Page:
Wales

Roadchef whistleblower's 17-year share battle

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Media captionWhistleblower Tim Warwick said he knew he was right all along

A whistleblower at the centre of a 17-year legal battle to get Roadchef workers a share of the firm's sale says he has no regrets.

Tim Warwick, from Penarth, Vale of Glamorgan, was company secretary when he first raised concerns about the way the staff's share was handled.

He was fired and had to settle for work on a third of his old salary.

Now hundreds of former and current staff at the motorway services chain will receive five figure payouts.

Mr Warwick, now 64, has spoken out for the first time following an out-of-court settlement for employees in February.

The story begins with the old managing director Patrick Gee allocating 20% of the firm's shares to staff. But he died before the John Lewis-style scheme could be completed.

His successor Timothy Ingram Hill was accused of improperly acquiring those shares, which made him £27m when Roadchef was sold in 1998.

Mr Ingram Hill, through a trust, bought a large number of shares from the employee scheme.

Around 600 workers missed out on a payout when the businesses was sold.

Image caption Tim Warwick has spoken out for the first time following an out-of-court settlement for employees

Mr Ingram Hill had also been a director of the staff's share scheme.

The High Court ruled Mr Ingram Hill breached his legal duty to act in the interests of the staff involved.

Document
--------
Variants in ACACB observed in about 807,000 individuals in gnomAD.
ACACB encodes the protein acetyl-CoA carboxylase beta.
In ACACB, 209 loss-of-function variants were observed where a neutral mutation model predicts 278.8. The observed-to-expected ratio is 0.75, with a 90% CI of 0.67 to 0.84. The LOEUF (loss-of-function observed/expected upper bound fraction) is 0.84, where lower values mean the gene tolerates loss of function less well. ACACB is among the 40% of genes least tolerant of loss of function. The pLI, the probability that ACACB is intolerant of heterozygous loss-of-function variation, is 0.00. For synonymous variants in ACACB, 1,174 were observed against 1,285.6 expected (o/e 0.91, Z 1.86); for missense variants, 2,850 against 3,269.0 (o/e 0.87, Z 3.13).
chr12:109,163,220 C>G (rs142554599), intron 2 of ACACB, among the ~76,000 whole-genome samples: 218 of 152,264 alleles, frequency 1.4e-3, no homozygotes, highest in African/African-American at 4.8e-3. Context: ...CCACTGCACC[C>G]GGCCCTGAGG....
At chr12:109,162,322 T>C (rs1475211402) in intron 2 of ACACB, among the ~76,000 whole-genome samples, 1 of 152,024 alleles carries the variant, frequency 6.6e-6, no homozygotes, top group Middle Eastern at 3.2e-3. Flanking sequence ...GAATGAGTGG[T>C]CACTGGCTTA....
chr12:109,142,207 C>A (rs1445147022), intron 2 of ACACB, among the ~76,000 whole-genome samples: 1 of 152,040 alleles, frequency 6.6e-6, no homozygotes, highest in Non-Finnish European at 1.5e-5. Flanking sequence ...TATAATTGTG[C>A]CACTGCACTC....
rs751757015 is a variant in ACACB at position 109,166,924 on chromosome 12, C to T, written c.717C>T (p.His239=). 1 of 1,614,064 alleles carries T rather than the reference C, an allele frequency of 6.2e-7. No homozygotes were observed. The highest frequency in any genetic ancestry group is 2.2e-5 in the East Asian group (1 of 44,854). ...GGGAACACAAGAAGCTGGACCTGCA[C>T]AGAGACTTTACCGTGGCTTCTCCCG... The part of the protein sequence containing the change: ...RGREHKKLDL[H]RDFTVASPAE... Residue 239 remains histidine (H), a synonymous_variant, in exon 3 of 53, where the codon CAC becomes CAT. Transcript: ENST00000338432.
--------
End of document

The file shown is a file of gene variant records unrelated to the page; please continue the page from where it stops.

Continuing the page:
There is no suggestion that he acted illegally though.

Mr Warwick, was company secretary at Roadchef between 1994 and 1999.

He said he had his concerns by early 1995 and tried to raise them.

"I was ignored totally," he said.

"From being within the inner wheel I was moved more to the side and that's how it went for the next couple up years."

He said he decided to become a whistleblower because his integrity was in jeopardy and he felt a sense of injustice for the workers missing out on tens of thousands of pounds each.

'Career ended'

"After the sale of the company I stayed on for about six months but was fired in January 1999 and I knew then my career as a company secretary had ended.

"We'd decided to take up this action and it was very difficult to apply for jobs when you're suing your chairman for £80m," he said.

"I did other things - managed pubs and hotels but the salary was less than a third of what I was earning at Roadchef. I didn't know then it would take 20 years to come to fruition."

In the last few weeks, an out of court settlement was agreed between those involved.

The current owners and management of Roadchef are not involved in this dispute.

The workers' case was fought by a Cardiff law firm Capital Law.

Mr Warwick said he would do the same again and at least employees would get their share.

"I decided to make a stand and I never regretted it," he said.

Mr Ingram Hill said: "I am pleased there has been an amicable settlement agreed between all the parties and I wish the employees of Roadchef the very best."

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